Divide Deepens Over Enforceability of Class Arbitration Waivers

Miller & Martin PLLC Alerts | August 24, 2016

The U.S. Court of Appeals for the Ninth Circuit (covering California and eight other western states) on Monday joined the Seventh Circuit, and disagreed with the Fifth Circuit, in rejecting a mandatory employment arbitration agreement which contained a class action waiver. The agreement at issue required employees to resolve any claims against the employer in arbitration, rather than in court, and precluded them from bringing a class, collective or other group action in any forum. The Ninth Circuit in Morris v. Ernst & Young, LLP (9th Cir. Aug. 22, 2016), held that this class arbitration waiver violated the employees' right to engage in "concerted activity," as protected by Section 7 of the National Labor Relations Act (the "NLRA").

In so holding, the Ninth Circuit accepted the position that the National Labor Relations Board (the "NLRB") first adopted in D.R. Horton, 357 NLRB No. 184 (2012). The Fifth Circuit (covering Texas, Louisiana, and Mississippi) subsequently declined to enforce this ruling in D.R. Horton, Inc. v. NLRB, 737 F.3d 344 (5th Cir. 2013), and last year again rejected the NLRB’s position in Murphy Oil USA, Inc. v. NLRB, 808 F.3d 1013 (5th Cir. 2015). By contrast, the Seventh Circuit (covering Illinois, Indiana and Wisconsin) earlier this year agreed with the NLRB's position on class arbitration waivers in Lewis v. Epic Systems Corp., 2016 WL 3029464 (7th Cir. May 26, 2016).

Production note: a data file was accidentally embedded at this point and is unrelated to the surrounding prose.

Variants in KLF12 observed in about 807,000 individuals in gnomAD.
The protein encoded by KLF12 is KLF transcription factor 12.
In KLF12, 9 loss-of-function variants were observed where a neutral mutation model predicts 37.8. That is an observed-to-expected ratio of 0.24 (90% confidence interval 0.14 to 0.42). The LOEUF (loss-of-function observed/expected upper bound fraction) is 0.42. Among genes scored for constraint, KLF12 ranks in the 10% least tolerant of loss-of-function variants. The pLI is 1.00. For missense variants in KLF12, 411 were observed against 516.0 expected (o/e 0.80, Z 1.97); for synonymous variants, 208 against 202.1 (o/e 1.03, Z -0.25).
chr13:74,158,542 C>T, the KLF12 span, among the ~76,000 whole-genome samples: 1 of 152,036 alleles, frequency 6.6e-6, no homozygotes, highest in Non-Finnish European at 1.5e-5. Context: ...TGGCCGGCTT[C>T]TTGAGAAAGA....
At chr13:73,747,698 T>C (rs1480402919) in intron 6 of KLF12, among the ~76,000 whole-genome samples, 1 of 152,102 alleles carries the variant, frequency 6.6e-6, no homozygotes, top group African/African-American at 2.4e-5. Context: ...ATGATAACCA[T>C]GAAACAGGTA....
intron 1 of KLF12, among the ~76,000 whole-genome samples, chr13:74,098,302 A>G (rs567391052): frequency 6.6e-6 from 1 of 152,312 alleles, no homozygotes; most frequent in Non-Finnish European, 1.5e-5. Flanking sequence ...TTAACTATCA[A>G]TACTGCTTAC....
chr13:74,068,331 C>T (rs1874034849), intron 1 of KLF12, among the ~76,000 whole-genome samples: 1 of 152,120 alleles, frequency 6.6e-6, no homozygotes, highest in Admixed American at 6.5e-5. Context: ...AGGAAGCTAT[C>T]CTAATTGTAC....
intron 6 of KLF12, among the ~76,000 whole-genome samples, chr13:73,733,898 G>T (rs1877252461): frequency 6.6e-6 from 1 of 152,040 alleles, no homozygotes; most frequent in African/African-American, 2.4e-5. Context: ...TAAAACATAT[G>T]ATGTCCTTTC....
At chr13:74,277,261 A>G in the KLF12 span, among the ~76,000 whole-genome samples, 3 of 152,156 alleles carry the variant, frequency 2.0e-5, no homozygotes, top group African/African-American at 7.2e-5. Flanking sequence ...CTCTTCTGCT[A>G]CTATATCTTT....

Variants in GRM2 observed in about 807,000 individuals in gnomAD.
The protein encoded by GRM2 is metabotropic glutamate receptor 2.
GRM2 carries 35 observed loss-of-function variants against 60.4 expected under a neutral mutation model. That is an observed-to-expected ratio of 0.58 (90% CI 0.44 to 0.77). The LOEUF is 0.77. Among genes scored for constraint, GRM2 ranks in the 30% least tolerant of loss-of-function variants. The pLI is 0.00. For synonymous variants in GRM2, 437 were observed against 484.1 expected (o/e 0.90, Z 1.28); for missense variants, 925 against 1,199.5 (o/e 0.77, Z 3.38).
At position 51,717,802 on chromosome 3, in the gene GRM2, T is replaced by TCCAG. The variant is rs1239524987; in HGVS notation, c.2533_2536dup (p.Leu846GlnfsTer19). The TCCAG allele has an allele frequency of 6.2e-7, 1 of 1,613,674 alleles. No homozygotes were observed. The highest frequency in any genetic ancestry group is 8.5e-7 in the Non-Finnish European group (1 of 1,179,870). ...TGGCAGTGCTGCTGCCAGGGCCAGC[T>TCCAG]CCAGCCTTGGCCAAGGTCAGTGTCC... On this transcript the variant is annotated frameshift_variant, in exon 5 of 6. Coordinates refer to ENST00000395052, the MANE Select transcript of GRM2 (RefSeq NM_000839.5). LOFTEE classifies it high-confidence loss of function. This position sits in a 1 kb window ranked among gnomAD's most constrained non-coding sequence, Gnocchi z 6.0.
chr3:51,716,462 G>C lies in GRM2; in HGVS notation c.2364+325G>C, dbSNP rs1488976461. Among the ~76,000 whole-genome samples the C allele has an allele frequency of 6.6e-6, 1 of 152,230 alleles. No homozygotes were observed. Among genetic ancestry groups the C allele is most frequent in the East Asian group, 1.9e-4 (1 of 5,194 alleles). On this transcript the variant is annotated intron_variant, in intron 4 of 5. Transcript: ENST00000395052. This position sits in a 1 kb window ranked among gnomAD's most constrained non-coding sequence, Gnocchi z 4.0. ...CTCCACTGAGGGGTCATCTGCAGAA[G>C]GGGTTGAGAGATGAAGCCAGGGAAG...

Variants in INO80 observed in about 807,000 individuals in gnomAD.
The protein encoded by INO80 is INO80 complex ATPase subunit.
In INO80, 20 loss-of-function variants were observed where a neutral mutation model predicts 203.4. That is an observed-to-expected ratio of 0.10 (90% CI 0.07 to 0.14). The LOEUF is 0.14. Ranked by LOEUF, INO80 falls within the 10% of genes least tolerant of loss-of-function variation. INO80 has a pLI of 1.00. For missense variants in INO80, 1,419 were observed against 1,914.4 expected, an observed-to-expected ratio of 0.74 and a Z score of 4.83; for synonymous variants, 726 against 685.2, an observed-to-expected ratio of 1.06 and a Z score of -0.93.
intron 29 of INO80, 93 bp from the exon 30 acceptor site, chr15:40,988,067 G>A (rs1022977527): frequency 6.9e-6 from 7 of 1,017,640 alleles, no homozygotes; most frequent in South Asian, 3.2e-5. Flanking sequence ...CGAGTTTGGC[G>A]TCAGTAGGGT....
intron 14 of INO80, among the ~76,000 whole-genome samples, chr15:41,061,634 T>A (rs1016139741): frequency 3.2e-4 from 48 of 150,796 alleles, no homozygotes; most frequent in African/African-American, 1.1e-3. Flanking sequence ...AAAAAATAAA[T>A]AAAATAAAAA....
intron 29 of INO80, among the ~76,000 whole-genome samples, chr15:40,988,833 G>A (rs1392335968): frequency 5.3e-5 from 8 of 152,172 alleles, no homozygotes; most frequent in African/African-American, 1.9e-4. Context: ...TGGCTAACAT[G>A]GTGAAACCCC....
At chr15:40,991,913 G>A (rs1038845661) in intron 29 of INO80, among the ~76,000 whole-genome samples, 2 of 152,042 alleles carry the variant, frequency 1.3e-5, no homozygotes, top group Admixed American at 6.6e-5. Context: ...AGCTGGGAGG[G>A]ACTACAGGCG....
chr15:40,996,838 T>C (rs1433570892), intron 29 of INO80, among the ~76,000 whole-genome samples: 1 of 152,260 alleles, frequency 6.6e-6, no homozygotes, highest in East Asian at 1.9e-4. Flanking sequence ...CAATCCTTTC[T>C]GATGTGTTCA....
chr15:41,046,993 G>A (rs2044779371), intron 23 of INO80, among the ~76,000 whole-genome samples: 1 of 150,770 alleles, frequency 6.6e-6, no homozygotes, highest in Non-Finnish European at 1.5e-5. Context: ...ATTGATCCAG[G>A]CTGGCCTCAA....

By adding to the split among the Circuit Courts of Appeal, the Ernst & Young decision may set the stage for the U.S. Supreme Court to resolve the issue. The NLRB will continue to attack class arbitration waivers unless and until the Supreme Court rejects this position, but the Supreme Court was unlikely to enter the fray until a split developed among the appellate courts. In recent years, the Supreme Court, citing the strong policy favoring arbitration under the Federal Arbitration Act, has consistently favored arbitration agreements, but it has not ruled on this specific issue. Moreover, the make-up of the Supreme Court remains in flux.

In the meantime, employers should not necessarily throw out any arbitration programs they currently have in place. Even the Ninth Circuit in Ernst & Young acknowledged its prior decision in Johmohammadi v. Bloomingdale’s, Inc., 755 F.3d 1072 (9th Cir. 2014), which found no NLRA violation where an employee had the ability to opt out of an arbitration program but failed to do so. That said, the NLRB has repeatedly ruled that even an opt out provision does not save an arbitration agreement with a class waiver. There is no one right answer for all employers as to whether to implement arbitration agreements, jury waivers or some other alternative dispute resolution program. Class action protection has been one of the key benefits of such programs for employers, so the unsettled state of the law introduces more uncertainty into the equation.

Should you have questions about this decision, mandatory employment arbitration agreements or other alternative dispute resolution programs generally, please contact Brad Harvey, Chuck Lee or any other member of our Labor & Employment Law Practice Group.